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Sunday, January 10, 2021

#457 Problem with "technology node" terminology

It is not clear to me why the term “technology node”, certainly useful reference to the progress in digital IC technology, continues to be expressed in nanometers.


Was it somewhere around 14 nm that the number in nm defining “technology node” and actual physical length of the transistor’s gate parted ways? Or was it even earlier than that? In any case, without some connection to the improved transistor's performance or architecure modifications we, casual observers, can understand, but are unaware of, technology node expressed in nanometers does not seem to serve a constructive purpose.

 

May be the concept of the Equivalent Gate Length (EGL) I proposed in blogs #379 (12/3/2017) and #422 (8/9/2020) would help establish connection between business terminology and physical reality and give us some sense of continuity in the progress of digital ICs technology? Term “X nm EGL Technology Node” where X would be defined by modelling and simulation could do the trick in my mind.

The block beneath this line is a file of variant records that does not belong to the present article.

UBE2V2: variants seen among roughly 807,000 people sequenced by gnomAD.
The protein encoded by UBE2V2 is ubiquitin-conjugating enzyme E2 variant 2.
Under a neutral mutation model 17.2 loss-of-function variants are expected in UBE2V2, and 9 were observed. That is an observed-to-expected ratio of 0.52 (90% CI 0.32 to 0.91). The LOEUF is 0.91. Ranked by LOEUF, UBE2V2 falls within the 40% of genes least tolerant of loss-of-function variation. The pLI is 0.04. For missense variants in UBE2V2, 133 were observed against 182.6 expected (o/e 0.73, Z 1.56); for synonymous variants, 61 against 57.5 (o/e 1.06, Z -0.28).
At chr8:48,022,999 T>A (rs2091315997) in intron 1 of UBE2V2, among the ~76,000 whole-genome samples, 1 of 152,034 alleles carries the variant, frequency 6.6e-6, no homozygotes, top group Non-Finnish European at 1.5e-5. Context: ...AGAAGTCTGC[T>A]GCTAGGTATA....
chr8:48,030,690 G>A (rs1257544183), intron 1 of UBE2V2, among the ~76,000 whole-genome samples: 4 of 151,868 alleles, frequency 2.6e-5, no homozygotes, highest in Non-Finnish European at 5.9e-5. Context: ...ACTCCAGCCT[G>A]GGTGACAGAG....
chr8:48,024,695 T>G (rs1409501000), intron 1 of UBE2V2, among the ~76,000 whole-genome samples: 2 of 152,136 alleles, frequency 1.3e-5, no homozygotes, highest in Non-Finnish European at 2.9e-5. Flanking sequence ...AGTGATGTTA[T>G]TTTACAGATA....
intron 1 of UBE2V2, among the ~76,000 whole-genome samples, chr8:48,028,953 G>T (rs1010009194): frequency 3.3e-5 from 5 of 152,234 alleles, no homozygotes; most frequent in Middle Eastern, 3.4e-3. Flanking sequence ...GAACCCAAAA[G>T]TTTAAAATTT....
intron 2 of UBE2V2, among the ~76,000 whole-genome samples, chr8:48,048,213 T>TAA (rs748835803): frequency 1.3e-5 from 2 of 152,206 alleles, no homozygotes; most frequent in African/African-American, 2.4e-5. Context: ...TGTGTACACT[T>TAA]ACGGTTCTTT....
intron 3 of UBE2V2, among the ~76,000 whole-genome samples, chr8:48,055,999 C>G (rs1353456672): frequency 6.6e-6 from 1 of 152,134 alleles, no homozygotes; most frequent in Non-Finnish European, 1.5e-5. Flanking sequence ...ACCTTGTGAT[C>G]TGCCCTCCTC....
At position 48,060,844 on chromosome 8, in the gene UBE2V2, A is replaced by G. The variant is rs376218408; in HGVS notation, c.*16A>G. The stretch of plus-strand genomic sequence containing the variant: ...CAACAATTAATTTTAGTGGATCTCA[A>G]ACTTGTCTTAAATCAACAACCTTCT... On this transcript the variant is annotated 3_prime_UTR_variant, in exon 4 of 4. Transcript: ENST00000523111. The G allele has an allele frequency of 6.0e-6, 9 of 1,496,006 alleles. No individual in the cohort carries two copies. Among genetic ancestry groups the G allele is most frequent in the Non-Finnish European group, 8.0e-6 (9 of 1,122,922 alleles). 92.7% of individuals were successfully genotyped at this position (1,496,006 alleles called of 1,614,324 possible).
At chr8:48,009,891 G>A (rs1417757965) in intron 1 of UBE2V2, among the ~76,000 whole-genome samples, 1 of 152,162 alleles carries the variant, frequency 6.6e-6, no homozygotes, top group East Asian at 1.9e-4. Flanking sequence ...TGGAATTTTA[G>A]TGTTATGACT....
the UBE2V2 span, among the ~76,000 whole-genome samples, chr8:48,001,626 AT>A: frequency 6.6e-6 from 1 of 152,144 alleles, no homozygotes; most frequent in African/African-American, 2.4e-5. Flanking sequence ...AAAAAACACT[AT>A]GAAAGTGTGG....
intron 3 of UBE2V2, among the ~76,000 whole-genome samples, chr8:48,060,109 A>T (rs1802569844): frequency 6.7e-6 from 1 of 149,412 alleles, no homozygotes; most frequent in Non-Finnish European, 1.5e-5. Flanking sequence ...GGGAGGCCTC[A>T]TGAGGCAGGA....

P.S. All what I am saying above was not occurring to me three years ago when I was writing a section on integrated circuits in my book published in early 2020. Well, technology is plowing ahead and on occasion we are late seeing things the right way…  

Posted by Jerzy Ruzyllo at 10:16 AM | Semiconductors | Link



Semi1source.com/blog is a personal blog of Jerzy Ruzyllo. He is Distinguished Professor Emeritus in the Department of Electrical Engineering at Penn State University. With over forty years' experience in academic research and teaching in semiconductor engineering he has a unique perspective on the developments in this technical domain and enjoys blogging about it.




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With over 2000 terms defined and explained, Semiconductor Glossary is the most complete reference in the field of semiconductors on the market today.



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